Frequently Asked Questions

I have compiled a list of the most common questions I hear from those trying to educate teens and from teens themselves.  These are the answers I give them.  I hope this will help you think through your responses to similar questions in advance:

FAQ (Frequently Asked Questions)

I know lots of singles that have sex or even live together. They’re happy, and haven’t had anything go wrong.

Things aren’t always what they seem to be. Consider:

(i) For a majority of girls, and many boys, their first sexual experience was not what they expected and they wish they had waited.

(ii) The break-up rate and the rate of abuse are much greater for co-habiting couples than for married couples.

(iii) Married couples report more satisfaction from sex than do non-married partners.

(iv) Many sexually transmitted diseases show no symptoms for a long time, so people may be infected and not know it yet.

What’s wrong with a teen having sex?

Lots of things. The three most important:

(i) God has said no one should have sex outside marriage. What did God actually say? “For this reason a man will leave his father and mother and be united to his wife, and they will become one flesh” (Genesis 2:24). A young man is to start his own family by entering into marriage, and only then should he and his wife have sexual intercourse. Read the stories of Shechem and Dinah (Genesis 34) and Amnon and Tamar (2 Samuel 13), young people who had sex without being married. The Bible speaks of their actions as “wrong” and as “something that should not be done.”

(ii) Sex is a wonderful gift of God, intended to bond a man and a woman together for life. But it also bonds two people who have sex with each other outside of marriage. It is a very powerful instinct. The Apostle Paul recognized this (see 1 Corinthians 6:16), and we now know from scientific studies that it is so. Sex with many partners can weaken this bonding effect, so that the more sexual partners one has, the less satisfying is the sexual relationship.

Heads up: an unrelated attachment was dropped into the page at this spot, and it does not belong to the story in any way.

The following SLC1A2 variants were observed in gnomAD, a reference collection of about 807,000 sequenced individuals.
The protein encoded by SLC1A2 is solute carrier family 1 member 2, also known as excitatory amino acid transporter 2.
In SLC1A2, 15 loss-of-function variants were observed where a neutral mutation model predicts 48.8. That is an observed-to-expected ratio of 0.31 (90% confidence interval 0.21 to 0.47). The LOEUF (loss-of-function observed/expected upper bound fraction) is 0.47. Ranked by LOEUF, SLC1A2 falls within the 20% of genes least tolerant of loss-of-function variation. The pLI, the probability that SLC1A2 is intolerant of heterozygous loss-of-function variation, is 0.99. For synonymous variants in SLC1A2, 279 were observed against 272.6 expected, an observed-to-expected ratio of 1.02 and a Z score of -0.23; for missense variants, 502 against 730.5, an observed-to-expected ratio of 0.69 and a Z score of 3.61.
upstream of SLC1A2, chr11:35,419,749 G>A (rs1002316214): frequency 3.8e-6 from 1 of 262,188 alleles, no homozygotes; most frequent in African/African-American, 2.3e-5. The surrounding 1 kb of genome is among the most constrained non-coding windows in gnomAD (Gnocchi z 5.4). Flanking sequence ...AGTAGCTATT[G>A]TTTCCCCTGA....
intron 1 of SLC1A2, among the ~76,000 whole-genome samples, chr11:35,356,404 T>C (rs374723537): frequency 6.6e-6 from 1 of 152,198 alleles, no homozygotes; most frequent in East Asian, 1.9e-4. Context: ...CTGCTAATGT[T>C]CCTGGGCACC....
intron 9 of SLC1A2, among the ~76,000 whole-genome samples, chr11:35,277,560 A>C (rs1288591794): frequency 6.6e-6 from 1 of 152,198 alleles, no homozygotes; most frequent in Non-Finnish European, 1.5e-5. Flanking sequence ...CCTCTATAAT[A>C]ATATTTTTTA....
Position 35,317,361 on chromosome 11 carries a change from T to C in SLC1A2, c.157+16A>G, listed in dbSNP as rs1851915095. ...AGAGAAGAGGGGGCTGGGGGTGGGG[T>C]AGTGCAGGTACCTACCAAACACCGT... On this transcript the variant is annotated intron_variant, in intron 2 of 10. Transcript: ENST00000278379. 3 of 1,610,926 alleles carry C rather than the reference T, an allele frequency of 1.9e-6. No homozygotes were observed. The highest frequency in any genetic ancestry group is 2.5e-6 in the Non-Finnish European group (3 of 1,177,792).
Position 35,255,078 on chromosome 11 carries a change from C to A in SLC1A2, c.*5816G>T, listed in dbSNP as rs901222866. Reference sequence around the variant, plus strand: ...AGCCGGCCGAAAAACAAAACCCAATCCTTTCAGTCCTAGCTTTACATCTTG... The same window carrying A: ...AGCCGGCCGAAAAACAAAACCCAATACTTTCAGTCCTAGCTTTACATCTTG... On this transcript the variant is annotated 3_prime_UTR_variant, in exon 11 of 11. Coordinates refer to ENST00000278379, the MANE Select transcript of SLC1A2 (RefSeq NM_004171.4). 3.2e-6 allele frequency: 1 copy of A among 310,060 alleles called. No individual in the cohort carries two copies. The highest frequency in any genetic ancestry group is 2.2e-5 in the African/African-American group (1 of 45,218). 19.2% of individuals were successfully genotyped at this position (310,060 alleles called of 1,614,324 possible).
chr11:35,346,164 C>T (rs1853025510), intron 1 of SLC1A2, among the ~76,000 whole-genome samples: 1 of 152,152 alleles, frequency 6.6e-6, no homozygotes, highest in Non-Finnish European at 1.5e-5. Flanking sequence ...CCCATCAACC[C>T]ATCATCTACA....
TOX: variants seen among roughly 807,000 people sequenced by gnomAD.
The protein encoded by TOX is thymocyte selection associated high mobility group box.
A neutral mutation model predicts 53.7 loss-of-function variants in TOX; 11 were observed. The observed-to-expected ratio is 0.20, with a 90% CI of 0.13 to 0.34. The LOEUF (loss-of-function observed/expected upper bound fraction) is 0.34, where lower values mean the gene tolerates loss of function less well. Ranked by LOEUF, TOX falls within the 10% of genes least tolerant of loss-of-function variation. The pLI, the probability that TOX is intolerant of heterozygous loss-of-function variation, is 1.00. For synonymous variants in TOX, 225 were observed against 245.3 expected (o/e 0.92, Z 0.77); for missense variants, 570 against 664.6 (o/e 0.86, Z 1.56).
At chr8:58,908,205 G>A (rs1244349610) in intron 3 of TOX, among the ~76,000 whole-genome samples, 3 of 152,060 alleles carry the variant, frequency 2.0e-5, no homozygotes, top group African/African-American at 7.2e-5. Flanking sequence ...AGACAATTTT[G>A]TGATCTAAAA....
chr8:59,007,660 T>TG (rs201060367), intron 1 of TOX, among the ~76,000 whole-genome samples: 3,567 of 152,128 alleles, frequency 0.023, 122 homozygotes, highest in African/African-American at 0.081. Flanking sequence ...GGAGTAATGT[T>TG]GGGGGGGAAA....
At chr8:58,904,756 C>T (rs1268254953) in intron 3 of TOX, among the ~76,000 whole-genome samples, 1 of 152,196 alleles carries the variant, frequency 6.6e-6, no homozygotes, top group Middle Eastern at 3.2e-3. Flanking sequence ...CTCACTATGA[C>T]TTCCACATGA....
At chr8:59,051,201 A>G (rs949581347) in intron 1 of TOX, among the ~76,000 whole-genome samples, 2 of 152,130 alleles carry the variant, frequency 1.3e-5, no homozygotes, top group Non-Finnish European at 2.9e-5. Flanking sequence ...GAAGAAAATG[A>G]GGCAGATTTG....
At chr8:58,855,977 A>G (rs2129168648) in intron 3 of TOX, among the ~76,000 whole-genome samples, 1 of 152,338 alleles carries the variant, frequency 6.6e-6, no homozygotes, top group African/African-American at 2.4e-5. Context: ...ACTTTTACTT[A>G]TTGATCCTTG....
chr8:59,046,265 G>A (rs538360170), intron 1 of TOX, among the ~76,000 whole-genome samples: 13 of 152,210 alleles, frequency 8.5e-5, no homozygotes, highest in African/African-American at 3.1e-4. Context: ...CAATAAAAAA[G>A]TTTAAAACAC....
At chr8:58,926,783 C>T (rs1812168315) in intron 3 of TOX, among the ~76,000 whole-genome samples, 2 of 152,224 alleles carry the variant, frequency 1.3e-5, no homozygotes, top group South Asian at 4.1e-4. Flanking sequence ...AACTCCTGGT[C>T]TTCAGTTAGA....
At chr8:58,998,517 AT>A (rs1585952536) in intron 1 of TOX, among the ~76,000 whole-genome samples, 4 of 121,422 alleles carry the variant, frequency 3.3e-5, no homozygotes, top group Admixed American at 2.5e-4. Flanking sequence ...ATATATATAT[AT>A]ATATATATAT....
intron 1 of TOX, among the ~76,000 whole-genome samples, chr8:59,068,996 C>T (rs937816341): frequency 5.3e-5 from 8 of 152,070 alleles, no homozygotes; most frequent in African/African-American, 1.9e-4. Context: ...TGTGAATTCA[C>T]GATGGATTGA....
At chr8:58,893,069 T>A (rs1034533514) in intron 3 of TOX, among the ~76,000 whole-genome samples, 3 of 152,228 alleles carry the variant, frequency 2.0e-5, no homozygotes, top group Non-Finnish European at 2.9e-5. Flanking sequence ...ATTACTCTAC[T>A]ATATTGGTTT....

(iii) There can be serious negative consequences, both now and throughout your life. These consequences can be emotional (feelings of having been betrayed, flashbacks later on in marriage, regret); physical (sexually transmitted diseases, unintended pregnancy); economic (poverty for the single mother and for her child); spiritual (separation from God). Look again at the accounts of Shechem and Dinah and of Amnon and Tamar and see how much suffering resulted from their actions. God wants to save us from these unintended consequences. But we should always remember that God can forgive and restore, no matter what we have done. He can make us new creatures, as if we had never sinned. (1 Corinthians 6:9-11)

I had sex when I was young. How can I tell my teen not to?

You want what’s best for your teen, and what’s best is saving sex for marriage. Discuss with your teen why this is so. Be honest, without going into detail: “I did things I regret.” Did you do it because of pressure from someone? Talk about that, and how to solve that problem. Did you just not know God’s will on relationships? Talk about what the Bible says.

If I’ve already had sex, it’s too late for me. What difference would it make if I stop now?

With God, it’s NOW that counts. He forgives and forgets, and in his eyes you are a virgin again. “The sexually immoral will not inherit the kingdom of God. And that is what some of you were. But you were washed, you were sanctified, you  were justified in the name of the Lord Jesus Christ and by the Spirit of our God” (1 Corinthians 6:9,11). That’s a wonderfully freeing message! Besides, by deciding to stop having sex unless and until you marry you are saving your body, your brain, and your emotions from further damage — and from memories that you would rather forget.

What if my friends make fun of me for being a virgin?

Here are some things to think about:

(i) Although they many make you feel as if you’re the only virgin left on the planet, remember that you’re not. More than half of teens today are still virgins.

(ii) Even though others may give you a hard time, many will secretly envy you for who you are. A person who is able to stand up for what he or she believes is more worthy of respect than one who just goes along with the crowd.

What can I say if my boyfriend says, “If we’re in love it’s okay?”

“It isn’t okay to ignore God’s instructions, and it isn’t good for either of us. God put boundaries around sex for our own good” (1 Corinthians 6:12). If someone really loves you, he will not ask you to do anything that will put you at risk — and casual sex puts you at risk.

Questions Not Asked…That Should be Asked

There are so many questions that are not asked about “sex” that should be asked. Consider these:

QNA (Questions Not Asked that should be asked.)

What are the strongest motivators for teens to save sex for marriage?